Based on the philosophy of Sony co-founder Masaru Ibuka of creating workplaces that do not offer charity, but rather create an environment that makes it possible for individuals with disabilities to manufacture products that exceed those manufactured by individuals without disabilities, the Sony Group strives to realize an environment in which individuals do not feel held back by their disability and disabilities do not create barriers. To achieve this goal, Sony has initiated a wide range of programs.
In the action plan adopted in fiscal 2014 for promoting greater employment of people with disabilities through the year 2020, Sony seeks to create a workplace environment in which employees with disabilities can pursue rewarding careers by ensuring career development regardless of physical limitations, creating work environments that offer reasonable accommodation, and meeting social expectations.
At Sony Corporation, there is no differentiation based on level of ability in recruitment or job assignment of employees. Sony believes that all employees should be able to exercise their full potential regardless of level of ability. Sony facilitates this by building consensus regarding necessary considerations from the selection stage, while opening up career fields in line with individual attributes and capabilities. There is no differentiation in either posting or treatment of employees.
At Sony Group companies in Japan, employment know-how and experience related to past cases are integrated in a dedicated department within the Human Resources Division. This particularly leverages knowledge gained through the special-purpose subsidiaries Sony Taiyo Corporation,*1 which has over 35 years of experience in this field, and Sony Kibou/Hikari Corporation, which specializes in providing employment opportunities for individuals with intellectual disabilities. These programs support individuals with disabilities and undertake programs that leverage the advantages of the Sony Group. Specifically, at joint recruiting events (now in their eighth year) where about 20 Sony Group companies take part, guidance is given to workplaces that are striving to improve their work environments to accommodate new employees with disabilities. Training programs are also implemented to provide the perspective of employees with disabilities to their supervisors and colleagues and vice versa.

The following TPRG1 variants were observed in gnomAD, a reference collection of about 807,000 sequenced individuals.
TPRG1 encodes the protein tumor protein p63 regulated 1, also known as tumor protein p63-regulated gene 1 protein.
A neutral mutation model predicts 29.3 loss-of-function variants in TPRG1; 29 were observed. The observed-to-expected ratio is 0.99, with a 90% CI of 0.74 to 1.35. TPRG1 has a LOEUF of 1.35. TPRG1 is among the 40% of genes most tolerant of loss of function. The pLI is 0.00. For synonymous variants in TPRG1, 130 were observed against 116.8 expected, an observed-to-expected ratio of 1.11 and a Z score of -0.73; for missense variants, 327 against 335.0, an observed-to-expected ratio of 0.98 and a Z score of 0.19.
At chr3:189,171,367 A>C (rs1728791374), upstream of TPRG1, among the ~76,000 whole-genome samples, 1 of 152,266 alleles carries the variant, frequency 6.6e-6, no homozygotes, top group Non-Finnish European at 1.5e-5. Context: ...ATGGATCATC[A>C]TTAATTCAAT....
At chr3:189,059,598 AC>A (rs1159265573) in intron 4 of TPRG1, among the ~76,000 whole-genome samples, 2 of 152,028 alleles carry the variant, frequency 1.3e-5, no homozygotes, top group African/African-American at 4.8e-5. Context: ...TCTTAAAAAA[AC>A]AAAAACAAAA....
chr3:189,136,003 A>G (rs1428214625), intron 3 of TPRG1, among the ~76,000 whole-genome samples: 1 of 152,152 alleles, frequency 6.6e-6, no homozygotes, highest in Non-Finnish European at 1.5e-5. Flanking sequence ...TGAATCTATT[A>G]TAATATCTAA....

Even before the enforcement of Japan's Act on the Elimination of Discrimination against Persons with Disabilities, Sony has long taken reasonable accommodation measures and has also created Group Guidelines. In addition, Sony has set up a consultation system and holds study meetings to promote the employment of persons with disabilities in a unique way.
Sony also seeks to encourage students with disabilities and their supporters by communicating about its philosophy and programs for the employment of people with disabilities. The aim is to enhance social awareness of diversity and inclusion issues. For example, Sony Taiyo Corporation holds inclusion workshops aimed at providing opportunities for elementary and junior high school students to experience together the fun of science firsthand, regardless of their level of ability.
Sony's commitment in this area extends beyond legal compliance, by making workplaces accessible and actively encouraging greater awareness of diversity and inclusion issues. In fiscal 2015, employees with disabilities accounted for 2.68% of Sony Corporation's workforce, while the average for Sony Group companies in Japan (with over 201 employees) was 2.1% as of June 2015, both well above the 2.0% mandated by Japanese law for companies over a certain size.